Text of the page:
Market conduct enforcements are back on the rise according to data from Corlytics, a Dublin-based regulatory risk intelligence firm.
The value of penalties imposed by global regulators for securities market enforcement almost reached US$1.9 billion through the first three quarters of 2017, up from US$630 million for the same period in 2016.
The bulk of fines are imposed in the U.S. “Since 2012, of the US$26.4 billion levied in market conduct fines worldwide, 80% of all fines have come from U.S. regulators,” Corlytics says in a news release.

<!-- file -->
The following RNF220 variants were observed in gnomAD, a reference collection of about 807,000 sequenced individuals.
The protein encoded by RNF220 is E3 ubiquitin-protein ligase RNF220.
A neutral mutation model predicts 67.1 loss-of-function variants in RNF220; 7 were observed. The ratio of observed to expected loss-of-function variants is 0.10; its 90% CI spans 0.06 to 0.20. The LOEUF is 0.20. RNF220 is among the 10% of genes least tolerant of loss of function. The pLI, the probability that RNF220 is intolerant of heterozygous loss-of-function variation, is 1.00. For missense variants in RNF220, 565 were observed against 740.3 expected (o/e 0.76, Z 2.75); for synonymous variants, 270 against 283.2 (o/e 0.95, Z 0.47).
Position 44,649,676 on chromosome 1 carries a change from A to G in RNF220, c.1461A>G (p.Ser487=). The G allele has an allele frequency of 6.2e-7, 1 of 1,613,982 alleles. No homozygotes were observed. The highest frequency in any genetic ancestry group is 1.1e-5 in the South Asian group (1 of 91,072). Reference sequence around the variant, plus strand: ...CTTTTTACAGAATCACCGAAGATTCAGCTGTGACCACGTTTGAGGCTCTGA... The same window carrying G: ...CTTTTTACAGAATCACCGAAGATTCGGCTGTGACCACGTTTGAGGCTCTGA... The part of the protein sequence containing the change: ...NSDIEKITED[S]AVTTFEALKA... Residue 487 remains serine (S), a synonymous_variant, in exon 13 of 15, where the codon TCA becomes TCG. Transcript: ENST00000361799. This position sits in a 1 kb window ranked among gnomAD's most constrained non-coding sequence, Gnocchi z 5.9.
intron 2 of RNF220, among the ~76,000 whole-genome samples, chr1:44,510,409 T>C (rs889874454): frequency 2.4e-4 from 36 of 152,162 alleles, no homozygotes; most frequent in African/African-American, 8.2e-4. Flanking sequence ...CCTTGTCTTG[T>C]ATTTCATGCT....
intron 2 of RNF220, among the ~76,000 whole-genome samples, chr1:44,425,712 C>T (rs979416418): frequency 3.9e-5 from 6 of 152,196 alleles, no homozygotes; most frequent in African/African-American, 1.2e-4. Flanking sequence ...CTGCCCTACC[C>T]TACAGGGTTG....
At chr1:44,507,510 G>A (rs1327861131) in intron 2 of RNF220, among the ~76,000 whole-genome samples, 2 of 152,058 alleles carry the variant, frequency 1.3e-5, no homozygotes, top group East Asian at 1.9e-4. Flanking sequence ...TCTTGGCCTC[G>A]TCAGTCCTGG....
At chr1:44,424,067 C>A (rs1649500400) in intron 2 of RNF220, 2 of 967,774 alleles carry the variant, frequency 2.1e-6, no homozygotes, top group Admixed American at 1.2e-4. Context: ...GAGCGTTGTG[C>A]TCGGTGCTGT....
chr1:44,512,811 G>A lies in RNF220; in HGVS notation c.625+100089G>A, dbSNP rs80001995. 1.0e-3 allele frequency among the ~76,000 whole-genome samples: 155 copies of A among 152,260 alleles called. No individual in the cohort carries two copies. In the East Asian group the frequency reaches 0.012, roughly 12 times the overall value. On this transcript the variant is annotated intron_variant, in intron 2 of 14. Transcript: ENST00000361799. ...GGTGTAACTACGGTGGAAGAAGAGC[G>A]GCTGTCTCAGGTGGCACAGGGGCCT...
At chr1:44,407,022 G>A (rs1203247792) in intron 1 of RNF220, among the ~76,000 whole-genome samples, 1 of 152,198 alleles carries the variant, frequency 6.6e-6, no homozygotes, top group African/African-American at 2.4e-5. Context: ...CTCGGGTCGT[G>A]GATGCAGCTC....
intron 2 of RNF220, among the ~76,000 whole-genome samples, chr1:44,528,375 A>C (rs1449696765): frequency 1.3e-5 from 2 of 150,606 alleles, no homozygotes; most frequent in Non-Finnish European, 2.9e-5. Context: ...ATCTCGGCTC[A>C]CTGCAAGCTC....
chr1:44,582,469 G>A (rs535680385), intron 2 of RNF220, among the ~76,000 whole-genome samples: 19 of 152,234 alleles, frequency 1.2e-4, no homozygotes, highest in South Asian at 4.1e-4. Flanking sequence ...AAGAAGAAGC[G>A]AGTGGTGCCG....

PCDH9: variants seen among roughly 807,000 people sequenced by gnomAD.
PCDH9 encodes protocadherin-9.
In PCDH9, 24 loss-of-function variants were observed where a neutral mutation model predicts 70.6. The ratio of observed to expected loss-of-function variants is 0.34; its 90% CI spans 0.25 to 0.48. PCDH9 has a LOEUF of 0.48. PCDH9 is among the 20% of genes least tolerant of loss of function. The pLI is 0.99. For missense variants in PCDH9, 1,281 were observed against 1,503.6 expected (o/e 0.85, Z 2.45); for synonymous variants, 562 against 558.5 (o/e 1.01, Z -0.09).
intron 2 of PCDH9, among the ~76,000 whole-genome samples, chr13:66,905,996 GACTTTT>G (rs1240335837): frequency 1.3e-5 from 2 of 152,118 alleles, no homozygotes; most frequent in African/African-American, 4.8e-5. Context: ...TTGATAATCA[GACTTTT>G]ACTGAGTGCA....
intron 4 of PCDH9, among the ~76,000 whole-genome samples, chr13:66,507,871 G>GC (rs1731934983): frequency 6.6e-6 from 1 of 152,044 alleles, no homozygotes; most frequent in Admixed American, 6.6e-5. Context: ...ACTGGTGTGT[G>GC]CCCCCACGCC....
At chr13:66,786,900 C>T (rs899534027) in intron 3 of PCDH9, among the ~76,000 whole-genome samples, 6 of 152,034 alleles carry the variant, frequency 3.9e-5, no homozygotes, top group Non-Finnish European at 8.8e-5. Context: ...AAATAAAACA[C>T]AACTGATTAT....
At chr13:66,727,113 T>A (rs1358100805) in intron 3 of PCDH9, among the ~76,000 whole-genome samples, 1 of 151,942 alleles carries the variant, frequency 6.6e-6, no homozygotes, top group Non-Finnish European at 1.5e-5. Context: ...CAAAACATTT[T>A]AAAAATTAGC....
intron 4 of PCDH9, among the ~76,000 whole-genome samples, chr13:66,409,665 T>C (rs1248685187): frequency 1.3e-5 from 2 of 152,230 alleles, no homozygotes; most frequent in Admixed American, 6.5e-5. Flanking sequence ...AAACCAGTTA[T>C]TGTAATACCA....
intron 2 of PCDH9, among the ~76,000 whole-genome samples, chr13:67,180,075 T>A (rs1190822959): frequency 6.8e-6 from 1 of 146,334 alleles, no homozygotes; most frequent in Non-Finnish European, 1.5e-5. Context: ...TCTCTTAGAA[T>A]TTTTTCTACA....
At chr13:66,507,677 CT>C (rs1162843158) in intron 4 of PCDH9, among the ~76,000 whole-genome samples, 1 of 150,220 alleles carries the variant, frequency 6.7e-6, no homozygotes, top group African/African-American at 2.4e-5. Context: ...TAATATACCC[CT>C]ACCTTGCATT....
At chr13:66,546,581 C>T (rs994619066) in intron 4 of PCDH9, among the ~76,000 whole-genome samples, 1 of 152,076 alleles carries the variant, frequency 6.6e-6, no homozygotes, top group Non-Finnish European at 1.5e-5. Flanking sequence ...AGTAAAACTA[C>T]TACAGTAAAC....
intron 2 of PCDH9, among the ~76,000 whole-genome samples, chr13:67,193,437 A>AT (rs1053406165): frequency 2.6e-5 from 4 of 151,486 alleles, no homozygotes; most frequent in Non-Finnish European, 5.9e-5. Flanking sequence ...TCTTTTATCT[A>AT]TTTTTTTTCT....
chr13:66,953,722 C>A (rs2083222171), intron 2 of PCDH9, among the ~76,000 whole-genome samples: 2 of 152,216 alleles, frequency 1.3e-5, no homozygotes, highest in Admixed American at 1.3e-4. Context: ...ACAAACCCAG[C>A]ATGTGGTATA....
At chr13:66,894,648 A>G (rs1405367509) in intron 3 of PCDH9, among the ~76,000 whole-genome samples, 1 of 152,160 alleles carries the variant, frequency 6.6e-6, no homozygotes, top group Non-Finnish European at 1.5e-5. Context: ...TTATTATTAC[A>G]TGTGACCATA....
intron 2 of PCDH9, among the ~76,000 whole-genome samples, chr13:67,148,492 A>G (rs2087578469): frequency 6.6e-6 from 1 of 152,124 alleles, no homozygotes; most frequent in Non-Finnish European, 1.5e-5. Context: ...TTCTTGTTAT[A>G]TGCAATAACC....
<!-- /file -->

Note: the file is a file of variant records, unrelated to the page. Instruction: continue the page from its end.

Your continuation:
Seven European banks were responsible for 45% of all U.S. fines over the period, it adds.
In addition to monetary sanctions, the Corlytics data show a similar increase in non-financial consequences. For example, global regulators have levied 139 market bans for senior executives since 2012, 46 specific activities suspensions, 11 market suspensions, and 28 jail terms.
“Making individuals responsible for their own actions through threat of penalties is becoming a favoured mechanism for regulators to improve compliance with market conduct regulation,” says John Byrne, CEO of Corlytics, in a statement. “We can clearly see that both market bans and injunctions are favourites for regulators.”